Recently, in one of his blogs, Dr. Westby G. Fisher referred to Post Traumatic Dashboard Syndrome, the signs of which he claims he sees everywhere among physicians like him. This new syndrome has to do with the Federal governmentâ€™s insistence on electronic medical records (EMRs) and data mining. Busy practitioners find it extremely traumatic to be subjected to the workload that accompanies this requirement for electronic medical records.
The Patient Protection and Affordable Care Act that was signed into law last year offers hospitals and physicians that switch over from paper records to an EMR system, a financial incentive up to $63,750. Not only that, those providers who do not switch over to electronic records by 2015 will be penalized in the sense that they will be denied a certain percentage of their Medicare and Medicare payments. Providers point out many drawbacks related to the EMR system, among which the most significant is their fear of being more exposed to malpractice liability risk. However, new research points out that there is no need for such apprehensions. According to Dr. Steven Simon, an associate professor with Harvard Medical School and an internist with VA Boston Healthcare System, EMR will only “improve quality and safety and, as a result, prevent adverse events and reduce the risk of malpractice claims.”
Other things physicians dread are mistakes that might stem from the transition to an unfamiliar technology, incorrect entry of data, bugs, crashes and other problems associated with computers. Another thing to consider is the gaps in documentation that are likely to occur in practices using a combination of EMR and paper records.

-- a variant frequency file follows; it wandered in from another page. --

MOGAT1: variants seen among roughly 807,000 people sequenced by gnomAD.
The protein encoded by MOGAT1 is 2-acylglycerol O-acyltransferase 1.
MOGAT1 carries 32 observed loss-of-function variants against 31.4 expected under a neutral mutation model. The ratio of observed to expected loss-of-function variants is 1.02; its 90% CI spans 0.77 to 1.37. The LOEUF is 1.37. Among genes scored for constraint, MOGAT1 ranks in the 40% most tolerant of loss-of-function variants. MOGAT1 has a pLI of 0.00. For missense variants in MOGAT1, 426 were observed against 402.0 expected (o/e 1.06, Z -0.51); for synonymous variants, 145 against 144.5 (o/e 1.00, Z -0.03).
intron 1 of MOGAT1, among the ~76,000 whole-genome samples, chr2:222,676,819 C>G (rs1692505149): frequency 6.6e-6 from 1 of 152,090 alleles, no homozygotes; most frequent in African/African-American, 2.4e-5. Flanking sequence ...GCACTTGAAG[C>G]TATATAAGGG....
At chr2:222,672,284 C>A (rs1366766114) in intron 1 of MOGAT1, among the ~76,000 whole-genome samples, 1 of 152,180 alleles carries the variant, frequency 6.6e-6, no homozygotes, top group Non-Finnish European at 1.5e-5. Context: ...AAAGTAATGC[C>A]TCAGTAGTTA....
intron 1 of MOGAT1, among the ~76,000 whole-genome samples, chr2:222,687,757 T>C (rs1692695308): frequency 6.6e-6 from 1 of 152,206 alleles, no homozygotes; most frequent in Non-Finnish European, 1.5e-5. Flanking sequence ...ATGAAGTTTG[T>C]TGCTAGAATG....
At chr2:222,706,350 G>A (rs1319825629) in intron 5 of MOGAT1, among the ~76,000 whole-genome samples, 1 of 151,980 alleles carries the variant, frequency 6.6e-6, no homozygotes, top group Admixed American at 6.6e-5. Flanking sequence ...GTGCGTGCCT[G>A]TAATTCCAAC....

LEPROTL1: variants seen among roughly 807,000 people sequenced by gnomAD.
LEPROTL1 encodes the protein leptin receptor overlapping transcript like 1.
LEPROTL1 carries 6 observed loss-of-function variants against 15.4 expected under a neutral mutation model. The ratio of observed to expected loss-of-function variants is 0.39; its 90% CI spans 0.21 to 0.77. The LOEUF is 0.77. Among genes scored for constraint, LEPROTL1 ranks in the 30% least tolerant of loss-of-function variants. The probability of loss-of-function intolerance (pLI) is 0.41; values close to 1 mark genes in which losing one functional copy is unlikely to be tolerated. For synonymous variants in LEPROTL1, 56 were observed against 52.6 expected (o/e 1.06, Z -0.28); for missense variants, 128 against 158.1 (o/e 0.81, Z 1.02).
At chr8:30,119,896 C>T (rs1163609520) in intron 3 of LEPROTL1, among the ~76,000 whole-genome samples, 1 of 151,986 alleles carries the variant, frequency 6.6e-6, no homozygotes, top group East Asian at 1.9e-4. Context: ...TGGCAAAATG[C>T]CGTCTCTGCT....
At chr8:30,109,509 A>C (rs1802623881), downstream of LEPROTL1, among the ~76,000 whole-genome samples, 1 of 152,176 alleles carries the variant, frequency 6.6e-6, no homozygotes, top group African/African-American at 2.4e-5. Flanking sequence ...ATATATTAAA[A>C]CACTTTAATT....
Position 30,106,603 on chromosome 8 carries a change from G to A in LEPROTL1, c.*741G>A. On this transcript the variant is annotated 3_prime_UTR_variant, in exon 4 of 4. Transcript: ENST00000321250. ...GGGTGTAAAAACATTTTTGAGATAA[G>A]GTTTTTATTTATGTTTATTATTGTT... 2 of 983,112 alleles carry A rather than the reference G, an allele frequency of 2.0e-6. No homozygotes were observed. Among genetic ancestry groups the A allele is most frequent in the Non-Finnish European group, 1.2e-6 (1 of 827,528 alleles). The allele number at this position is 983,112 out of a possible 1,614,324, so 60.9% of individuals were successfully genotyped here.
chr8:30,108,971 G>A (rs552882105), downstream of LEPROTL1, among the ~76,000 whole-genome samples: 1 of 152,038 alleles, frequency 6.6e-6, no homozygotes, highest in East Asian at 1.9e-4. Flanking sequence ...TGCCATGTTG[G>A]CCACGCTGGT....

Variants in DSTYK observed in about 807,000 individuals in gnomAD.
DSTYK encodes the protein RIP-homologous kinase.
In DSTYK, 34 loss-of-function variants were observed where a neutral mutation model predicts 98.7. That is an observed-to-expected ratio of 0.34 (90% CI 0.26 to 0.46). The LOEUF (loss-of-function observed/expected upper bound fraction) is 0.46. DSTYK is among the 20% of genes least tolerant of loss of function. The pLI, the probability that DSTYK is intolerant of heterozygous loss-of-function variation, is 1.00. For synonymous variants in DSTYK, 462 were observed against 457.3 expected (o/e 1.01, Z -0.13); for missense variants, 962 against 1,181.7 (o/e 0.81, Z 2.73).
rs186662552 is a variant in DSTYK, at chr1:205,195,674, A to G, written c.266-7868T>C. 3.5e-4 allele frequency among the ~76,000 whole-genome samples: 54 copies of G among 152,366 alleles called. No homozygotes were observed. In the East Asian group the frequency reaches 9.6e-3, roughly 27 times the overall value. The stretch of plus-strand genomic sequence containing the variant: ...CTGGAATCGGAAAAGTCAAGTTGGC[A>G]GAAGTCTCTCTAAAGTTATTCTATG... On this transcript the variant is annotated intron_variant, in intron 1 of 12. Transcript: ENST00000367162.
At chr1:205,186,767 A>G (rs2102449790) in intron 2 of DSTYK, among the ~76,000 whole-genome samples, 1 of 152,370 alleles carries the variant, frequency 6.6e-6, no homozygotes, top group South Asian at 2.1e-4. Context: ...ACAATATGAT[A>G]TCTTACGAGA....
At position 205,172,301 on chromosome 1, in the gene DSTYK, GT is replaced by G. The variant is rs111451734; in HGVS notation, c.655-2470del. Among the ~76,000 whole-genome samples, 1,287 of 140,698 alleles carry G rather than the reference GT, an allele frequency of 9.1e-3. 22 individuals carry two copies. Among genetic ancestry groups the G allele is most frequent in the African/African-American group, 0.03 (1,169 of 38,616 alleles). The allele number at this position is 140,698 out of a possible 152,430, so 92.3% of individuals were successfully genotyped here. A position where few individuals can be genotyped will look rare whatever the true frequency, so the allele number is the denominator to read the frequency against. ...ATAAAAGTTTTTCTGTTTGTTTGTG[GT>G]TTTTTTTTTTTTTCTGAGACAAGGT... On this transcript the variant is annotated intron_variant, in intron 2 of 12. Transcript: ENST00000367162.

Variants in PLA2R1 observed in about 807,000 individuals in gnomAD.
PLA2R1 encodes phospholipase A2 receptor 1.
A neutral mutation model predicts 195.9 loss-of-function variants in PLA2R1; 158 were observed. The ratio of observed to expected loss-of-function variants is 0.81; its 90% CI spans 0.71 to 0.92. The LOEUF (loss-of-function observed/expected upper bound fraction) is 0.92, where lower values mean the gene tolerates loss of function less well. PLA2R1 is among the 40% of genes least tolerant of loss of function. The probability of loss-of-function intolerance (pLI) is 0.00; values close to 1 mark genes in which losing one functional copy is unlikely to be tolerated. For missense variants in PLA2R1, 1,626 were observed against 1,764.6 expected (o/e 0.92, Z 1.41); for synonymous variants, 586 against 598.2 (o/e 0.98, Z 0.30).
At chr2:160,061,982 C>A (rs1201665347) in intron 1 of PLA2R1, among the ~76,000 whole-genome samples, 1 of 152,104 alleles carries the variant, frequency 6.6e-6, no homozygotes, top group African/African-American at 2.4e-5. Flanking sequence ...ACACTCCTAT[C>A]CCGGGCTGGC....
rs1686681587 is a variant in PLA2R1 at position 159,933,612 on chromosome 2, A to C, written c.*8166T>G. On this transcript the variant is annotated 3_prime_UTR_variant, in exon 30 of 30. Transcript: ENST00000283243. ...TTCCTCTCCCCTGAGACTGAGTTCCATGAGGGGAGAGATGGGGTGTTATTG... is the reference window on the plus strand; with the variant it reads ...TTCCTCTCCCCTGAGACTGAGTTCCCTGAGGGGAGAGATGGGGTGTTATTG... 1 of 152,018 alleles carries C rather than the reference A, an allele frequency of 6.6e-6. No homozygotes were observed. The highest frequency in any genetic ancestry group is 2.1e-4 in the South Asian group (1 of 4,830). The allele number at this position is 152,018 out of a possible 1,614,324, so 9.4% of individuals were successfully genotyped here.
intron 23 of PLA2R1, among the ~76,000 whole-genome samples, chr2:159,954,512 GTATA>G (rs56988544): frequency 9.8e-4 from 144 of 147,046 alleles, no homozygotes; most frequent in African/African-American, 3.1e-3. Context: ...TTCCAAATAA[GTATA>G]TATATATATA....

However, every cloud has its silver lining. The advantages of EMR cannot be undermined. Especially in a hospital or multi-specialty clinic setting, electronic medical records are beneficial. The prospect of centralized electronic storage of data facilitates easily available, organized information that will allow physicians to work together when providing co-ordinate care to patients. EMR system also ensures streamlined and simplified medical billing. Electronic medical records, when expanded to link networks of different hospitals, physicians and clinics would naturally bring about a number of benefits such as more efficient medical research. Medical record review also becomes easy with electronic health records. Insurance companies would definitely welcome this switchover as it would provide them with a clearer overview of treatments provided and other relevant details of patient care.
Needless to say, in spite of the drawbacks that are pointed out, it is most likely that within the next ten to fifteen years electronic medical records will replace their paper counterparts. Whether paper records or electronic medical records, a medical record review company can offer invaluable assistance to insurance companies, lawyers, and physicians who deal with various medical records on a daily basis.